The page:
When a developer built two houses on the last bit of undeveloped land between us and a tall wooded hill, the wetland included the pond and cemetery, the DEC was luckily on hand to step in and protect the cemetery. I lived in California during this time and recall visiting during the construction and seeing tape cordoning off a remaining small cluster of trees–protecting the small cemetery area. The rest was cleared, filled in and leveled. The developer probably had no idea when buying the land of the obstacles he would encounter. The natural water source flowed directly into the middle of where he intended to build. (Water still flows from this natural spring and has since been diverted into a culvert added at the end of the street.)I know it must still be here, but today there is no trace of the elusive little cemetery–most of the trees are gone, no noticeable stones, and still no account of who the occupants might be or how many souls rest here. Many people don’t even realize that New York State had slaves. While not the preferred solution for the early New York province, a farm labor shortage in the Hudson River Valley, brought the first 11 slaves to our area as early as 1626.(6) Early Statistics are surprising. “The Black Minority in Early New York” states that there was phenomenal population growth [in New York State] in the years directly before the American Revolution–total New York State population of 18,067 (2,170 Negro) in 1689, to total population of 168,007 (19,873 Negro) in 1771.(7) In 1781 a law was passed promising freedom to any New York slave in return for 3 years of military service in the American Army. It is important to note that many of the black population of early New York State were free citizens… and never slaves.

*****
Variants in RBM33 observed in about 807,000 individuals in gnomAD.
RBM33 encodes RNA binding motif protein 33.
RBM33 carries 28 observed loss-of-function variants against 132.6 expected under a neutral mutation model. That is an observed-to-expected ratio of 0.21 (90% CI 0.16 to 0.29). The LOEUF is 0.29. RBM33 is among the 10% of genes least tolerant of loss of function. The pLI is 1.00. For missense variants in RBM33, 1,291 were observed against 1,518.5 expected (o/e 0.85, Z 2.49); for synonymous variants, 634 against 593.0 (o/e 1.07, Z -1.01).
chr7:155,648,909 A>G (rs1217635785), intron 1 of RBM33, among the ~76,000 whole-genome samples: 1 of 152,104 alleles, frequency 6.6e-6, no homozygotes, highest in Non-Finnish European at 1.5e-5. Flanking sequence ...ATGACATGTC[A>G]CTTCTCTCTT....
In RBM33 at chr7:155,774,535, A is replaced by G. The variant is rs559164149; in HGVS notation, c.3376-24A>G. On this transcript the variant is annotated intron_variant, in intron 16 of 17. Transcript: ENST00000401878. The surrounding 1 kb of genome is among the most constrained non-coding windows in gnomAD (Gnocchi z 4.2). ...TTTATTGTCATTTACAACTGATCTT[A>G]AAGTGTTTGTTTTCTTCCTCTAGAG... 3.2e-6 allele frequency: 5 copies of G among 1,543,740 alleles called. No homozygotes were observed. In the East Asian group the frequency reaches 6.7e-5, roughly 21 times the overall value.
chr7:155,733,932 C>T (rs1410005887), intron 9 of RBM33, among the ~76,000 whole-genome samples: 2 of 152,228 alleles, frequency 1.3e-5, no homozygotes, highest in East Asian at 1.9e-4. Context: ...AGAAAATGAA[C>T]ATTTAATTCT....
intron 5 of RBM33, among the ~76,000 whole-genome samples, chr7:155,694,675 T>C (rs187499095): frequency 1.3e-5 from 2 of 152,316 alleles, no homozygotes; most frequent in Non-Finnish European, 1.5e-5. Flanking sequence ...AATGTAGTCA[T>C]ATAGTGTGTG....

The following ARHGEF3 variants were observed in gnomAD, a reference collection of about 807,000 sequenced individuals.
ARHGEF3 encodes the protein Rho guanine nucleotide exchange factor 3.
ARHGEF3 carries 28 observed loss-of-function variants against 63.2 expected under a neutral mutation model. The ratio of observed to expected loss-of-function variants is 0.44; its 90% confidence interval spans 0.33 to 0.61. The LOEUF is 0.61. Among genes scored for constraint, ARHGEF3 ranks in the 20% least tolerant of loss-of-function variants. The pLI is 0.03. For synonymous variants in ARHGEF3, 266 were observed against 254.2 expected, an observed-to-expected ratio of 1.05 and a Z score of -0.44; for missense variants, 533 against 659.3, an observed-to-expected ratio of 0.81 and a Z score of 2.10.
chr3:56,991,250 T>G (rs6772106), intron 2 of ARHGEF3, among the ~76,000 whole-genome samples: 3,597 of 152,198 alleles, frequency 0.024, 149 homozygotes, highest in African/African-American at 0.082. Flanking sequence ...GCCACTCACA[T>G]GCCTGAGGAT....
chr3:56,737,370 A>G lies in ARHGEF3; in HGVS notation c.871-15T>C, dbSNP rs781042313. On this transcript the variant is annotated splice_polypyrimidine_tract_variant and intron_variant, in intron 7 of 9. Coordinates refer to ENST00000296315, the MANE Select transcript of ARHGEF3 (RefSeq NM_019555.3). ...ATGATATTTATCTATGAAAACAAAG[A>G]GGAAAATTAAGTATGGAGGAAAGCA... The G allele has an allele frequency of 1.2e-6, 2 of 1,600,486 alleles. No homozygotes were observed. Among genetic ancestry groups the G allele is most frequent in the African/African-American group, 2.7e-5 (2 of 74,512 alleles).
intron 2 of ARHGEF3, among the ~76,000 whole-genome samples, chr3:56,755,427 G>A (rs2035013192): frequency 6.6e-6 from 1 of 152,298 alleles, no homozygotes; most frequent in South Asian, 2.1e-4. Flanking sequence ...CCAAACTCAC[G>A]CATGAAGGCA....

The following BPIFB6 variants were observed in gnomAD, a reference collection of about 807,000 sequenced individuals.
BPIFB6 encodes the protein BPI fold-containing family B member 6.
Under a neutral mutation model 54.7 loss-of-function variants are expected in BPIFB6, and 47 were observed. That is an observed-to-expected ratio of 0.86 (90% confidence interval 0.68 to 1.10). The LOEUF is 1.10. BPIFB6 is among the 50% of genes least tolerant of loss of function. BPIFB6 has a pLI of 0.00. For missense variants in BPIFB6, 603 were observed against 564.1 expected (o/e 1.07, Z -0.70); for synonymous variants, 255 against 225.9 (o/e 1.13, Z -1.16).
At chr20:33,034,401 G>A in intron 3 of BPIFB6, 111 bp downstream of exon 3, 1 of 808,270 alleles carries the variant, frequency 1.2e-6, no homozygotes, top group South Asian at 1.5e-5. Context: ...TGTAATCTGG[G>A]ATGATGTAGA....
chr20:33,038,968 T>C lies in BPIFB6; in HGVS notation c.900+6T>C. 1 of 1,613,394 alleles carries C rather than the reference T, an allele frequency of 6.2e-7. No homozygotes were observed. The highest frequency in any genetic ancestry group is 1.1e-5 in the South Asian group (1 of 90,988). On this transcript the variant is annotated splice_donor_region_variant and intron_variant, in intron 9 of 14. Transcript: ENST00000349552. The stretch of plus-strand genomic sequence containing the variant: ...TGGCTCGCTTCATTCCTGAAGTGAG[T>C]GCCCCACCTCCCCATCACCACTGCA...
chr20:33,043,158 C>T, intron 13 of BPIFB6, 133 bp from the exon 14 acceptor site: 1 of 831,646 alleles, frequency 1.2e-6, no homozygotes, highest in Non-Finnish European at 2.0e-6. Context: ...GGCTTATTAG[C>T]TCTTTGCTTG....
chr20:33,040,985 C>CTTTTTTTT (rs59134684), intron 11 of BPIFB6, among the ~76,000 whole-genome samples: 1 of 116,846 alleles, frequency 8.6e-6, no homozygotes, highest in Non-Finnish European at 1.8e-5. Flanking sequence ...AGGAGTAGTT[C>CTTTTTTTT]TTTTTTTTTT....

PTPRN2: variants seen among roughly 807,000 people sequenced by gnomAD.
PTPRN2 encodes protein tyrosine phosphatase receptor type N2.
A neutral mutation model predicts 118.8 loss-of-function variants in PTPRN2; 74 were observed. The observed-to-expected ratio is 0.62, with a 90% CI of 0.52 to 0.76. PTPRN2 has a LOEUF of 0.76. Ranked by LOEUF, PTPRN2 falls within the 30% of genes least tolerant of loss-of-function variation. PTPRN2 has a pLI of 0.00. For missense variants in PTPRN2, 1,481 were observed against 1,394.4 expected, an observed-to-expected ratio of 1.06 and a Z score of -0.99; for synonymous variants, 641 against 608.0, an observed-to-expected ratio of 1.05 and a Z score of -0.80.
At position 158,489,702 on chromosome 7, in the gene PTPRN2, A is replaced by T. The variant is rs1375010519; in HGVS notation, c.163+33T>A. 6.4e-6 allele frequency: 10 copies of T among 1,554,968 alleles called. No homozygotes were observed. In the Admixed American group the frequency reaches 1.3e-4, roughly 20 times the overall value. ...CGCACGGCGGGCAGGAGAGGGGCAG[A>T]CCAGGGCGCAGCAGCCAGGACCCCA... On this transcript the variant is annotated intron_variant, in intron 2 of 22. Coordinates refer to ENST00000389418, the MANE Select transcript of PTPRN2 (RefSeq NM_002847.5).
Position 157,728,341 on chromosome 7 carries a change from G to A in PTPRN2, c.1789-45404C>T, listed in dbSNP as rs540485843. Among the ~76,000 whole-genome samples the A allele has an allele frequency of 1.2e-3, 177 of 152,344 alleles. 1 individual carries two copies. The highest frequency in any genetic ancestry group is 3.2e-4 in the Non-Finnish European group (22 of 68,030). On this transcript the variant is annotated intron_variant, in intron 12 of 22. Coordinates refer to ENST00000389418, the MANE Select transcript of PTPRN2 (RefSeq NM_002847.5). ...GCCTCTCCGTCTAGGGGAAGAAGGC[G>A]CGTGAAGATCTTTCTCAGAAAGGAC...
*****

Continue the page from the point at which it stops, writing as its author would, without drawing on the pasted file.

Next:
One significant “effect of the Revolution in New York State removed the economic benefits of slavery as a labor institution: The influence of the natural rights philosophy, the realities of war-induced changes, and the demographic and economic transformations of the war years”–and “…after 1817 no New Yorker could own a slave.”(8)
Slave or free, native or pioneer, or all–just who is buried in our little cemetery? We may never know for sure…but with newer modern technology, especially GPR (ground penetrating radar) (9,10) would show not only the exact location but also the number of graves. Hopefully others will have interest and ability to conduct this type of survey to find out and this tiny obscure cemetery will not be totally forgotten.
1) I personally first heard the legend of a slave cemetery as a youngster in approx 1960 from an elderly Uncle, Jesse Terwilliger (b. 1903-d. 1971) who was raised in a house on Liberty Street at Seeley. My Dad, Larry Yeaple, built our house beginning in 1950 on the extension of Liberty Street and we moved in during the summer of 1952 and remained the last house on the cul-de-sac street until the 1990s.
(2) Charles Bodine, Citizen Herald, August 26, 1937.
(2a) Charles Bodine, Citizen Herald, 1938 [References updated, 6-20-16]
(3) Ruth O’Reilly, Letter to Wallkill Valley Times, Feb. 2002
(4) Sam Phelps, Jr.,” Feathers and Fur” column, Wallkill Valley Times, Feb. 12, 1997
(5) Alan Snell, “Historians to study graveyard,” Times Herald-Record, Feb. 12, 2002
(6) David Kobrin, The Black Minority in Early New York, 1975. (University of the State of New York, The State Education Department Office of State History, Albany 1971 and reprinted by New York State American Revolution Bicentennial Commission in 1975), Page 3.
(7)_____ ibid., 8, 9.
(8)_____ ibid., 41, 42.
(9) Personal communication, Oct. 10, 2002, John R. Lukacs, PhD (Professor of Anthropology, Director of Graduate Studies, UO), friend and former Walden Resident.
(10) Deborah Medenbach “Imaging, not digging, will unearth details of slave cemetery,” Times Herald Record, Jan. 31, 2002